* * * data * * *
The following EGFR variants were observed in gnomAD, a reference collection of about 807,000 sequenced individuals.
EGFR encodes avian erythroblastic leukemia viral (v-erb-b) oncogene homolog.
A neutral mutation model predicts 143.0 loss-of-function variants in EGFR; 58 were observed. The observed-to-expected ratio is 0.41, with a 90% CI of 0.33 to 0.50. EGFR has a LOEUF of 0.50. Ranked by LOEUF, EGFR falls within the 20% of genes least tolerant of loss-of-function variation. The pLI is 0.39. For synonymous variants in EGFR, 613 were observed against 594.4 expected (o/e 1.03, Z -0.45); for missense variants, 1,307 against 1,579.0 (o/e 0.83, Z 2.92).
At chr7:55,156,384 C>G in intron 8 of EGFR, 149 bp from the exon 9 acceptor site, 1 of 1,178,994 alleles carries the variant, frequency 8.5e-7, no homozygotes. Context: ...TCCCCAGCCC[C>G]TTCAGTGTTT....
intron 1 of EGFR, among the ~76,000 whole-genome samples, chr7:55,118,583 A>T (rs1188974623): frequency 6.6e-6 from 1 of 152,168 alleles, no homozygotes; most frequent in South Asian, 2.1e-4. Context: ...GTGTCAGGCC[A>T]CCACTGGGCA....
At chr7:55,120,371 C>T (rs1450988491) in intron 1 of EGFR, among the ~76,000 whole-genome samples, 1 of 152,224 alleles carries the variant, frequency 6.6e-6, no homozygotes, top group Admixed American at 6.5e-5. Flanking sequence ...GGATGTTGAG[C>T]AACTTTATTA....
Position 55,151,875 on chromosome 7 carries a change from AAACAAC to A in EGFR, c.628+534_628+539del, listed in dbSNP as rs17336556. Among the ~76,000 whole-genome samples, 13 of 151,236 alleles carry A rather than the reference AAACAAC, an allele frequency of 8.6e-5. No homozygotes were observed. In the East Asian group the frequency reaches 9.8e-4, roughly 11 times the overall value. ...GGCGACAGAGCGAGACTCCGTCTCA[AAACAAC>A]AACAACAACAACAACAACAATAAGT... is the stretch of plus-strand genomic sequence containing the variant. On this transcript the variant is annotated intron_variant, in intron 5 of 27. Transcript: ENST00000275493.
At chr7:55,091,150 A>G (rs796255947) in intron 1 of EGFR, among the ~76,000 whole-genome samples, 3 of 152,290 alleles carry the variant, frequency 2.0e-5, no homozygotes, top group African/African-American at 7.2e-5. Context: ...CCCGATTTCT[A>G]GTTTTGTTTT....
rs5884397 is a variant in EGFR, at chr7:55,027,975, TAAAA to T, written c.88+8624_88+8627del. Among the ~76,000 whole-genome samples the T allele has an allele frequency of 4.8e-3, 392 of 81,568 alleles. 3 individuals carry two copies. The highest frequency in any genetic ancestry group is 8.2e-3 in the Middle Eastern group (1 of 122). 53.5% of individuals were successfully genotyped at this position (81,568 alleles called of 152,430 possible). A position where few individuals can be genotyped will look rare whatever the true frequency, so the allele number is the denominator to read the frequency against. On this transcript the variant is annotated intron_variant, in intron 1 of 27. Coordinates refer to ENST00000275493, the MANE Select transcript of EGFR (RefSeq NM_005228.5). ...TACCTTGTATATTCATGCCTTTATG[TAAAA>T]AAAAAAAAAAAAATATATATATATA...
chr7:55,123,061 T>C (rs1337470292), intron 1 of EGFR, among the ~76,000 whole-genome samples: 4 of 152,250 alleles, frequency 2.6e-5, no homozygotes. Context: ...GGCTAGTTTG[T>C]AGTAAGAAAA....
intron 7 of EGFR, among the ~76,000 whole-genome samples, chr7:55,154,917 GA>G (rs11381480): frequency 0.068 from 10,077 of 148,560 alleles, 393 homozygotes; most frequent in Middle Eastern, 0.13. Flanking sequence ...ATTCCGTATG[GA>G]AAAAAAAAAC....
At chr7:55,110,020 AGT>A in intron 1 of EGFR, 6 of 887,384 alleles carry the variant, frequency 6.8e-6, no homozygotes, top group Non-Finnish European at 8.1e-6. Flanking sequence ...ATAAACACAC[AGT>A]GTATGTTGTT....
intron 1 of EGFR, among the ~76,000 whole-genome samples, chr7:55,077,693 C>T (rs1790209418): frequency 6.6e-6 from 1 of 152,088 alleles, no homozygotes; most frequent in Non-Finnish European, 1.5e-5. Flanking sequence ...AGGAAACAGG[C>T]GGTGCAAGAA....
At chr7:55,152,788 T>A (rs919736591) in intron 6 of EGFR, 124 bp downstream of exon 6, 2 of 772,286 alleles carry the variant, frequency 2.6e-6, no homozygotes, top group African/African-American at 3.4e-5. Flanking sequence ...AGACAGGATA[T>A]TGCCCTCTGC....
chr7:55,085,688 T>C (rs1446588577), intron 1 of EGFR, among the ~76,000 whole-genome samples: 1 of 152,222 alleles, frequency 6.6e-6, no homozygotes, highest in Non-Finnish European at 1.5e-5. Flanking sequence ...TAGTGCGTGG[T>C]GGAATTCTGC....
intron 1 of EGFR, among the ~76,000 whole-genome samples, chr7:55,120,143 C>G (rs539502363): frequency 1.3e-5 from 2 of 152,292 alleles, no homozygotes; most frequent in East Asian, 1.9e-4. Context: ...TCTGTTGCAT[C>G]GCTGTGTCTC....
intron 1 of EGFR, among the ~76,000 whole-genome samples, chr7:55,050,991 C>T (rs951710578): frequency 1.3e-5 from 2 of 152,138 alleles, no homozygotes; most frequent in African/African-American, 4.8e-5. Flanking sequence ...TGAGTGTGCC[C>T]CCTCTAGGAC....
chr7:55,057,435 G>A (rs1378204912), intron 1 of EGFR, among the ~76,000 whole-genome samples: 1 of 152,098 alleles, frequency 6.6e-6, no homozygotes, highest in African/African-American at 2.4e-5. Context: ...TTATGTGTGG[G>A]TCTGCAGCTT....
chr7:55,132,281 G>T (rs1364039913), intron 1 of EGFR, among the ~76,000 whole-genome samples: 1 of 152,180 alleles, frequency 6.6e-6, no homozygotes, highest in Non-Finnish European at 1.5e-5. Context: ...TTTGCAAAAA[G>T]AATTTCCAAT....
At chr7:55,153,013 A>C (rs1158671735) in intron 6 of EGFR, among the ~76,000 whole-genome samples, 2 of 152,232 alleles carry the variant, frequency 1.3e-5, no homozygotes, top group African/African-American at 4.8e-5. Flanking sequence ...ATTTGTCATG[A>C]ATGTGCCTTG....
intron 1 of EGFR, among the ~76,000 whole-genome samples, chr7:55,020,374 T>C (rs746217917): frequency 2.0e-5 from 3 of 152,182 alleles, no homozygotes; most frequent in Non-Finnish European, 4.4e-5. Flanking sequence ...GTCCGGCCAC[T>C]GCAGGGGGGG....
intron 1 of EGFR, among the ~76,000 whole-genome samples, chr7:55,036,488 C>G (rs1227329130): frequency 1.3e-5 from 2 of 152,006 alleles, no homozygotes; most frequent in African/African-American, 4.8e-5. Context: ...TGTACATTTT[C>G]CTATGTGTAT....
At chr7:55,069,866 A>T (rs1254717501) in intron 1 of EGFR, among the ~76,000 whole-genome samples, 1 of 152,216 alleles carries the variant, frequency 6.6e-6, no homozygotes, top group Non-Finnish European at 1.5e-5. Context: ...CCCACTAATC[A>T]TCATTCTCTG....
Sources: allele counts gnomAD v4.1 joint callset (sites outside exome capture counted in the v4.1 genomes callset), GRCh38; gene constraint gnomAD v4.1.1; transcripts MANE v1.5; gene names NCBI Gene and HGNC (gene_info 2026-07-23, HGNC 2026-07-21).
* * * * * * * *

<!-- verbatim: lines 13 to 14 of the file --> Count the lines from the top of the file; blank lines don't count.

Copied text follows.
intron 1 of EGFR, among the ~76,000 whole-genome samples, chr7:55,077,693 C>T (rs1790209418): frequency 6.6e-6 from 1 of 152,088 alleles, no homozygotes; most frequent in Non-Finnish European, 1.5e-5. Flanking sequence ...AGGAAACAGG[C>T]GGTGCAAGAA....
At chr7:55,152,788 T>A (rs919736591) in intron 6 of EGFR, 124 bp downstream of exon 6, 2 of 772,286 alleles carry the variant, frequency 2.6e-6, no homozygotes, top group African/African-American at 3.4e-5. Flanking sequence ...AGACAGGATA[T>A]TGCCCTCTGC....